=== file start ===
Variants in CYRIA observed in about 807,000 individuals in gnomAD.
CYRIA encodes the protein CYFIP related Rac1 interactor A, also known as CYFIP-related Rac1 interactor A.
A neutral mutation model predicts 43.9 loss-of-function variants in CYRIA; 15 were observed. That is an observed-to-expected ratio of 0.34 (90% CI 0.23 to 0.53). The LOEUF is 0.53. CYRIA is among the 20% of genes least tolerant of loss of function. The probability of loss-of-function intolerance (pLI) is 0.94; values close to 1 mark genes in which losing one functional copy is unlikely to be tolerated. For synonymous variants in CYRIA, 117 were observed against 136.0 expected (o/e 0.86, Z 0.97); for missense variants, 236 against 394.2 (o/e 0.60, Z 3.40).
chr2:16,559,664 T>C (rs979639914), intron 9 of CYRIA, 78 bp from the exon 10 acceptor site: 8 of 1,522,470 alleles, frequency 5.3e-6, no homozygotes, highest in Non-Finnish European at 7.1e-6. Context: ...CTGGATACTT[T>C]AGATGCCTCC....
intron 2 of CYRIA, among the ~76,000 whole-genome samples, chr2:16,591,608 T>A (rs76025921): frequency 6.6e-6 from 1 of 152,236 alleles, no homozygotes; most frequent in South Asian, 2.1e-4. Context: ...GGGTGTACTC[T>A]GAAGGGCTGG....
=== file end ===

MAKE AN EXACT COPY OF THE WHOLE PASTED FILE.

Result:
Variants in CYRIA observed in about 807,000 individuals in gnomAD.
CYRIA encodes the protein CYFIP related Rac1 interactor A, also known as CYFIP-related Rac1 interactor A.
A neutral mutation model predicts 43.9 loss-of-function variants in CYRIA; 15 were observed. That is an observed-to-expected ratio of 0.34 (90% CI 0.23 to 0.53). The LOEUF is 0.53. CYRIA is among the 20% of genes least tolerant of loss of function. The probability of loss-of-function intolerance (pLI) is 0.94; values close to 1 mark genes in which losing one functional copy is unlikely to be tolerated. For synonymous variants in CYRIA, 117 were observed against 136.0 expected (o/e 0.86, Z 0.97); for missense variants, 236 against 394.2 (o/e 0.60, Z 3.40).
chr2:16,559,664 T>C (rs979639914), intron 9 of CYRIA, 78 bp from the exon 10 acceptor site: 8 of 1,522,470 alleles, frequency 5.3e-6, no homozygotes, highest in Non-Finnish European at 7.1e-6. Context: ...CTGGATACTT[T>C]AGATGCCTCC....
intron 2 of CYRIA, among the ~76,000 whole-genome samples, chr2:16,591,608 T>A (rs76025921): frequency 6.6e-6 from 1 of 152,236 alleles, no homozygotes; most frequent in South Asian, 2.1e-4. Context: ...GGGTGTACTC[T>A]GAAGGGCTGG....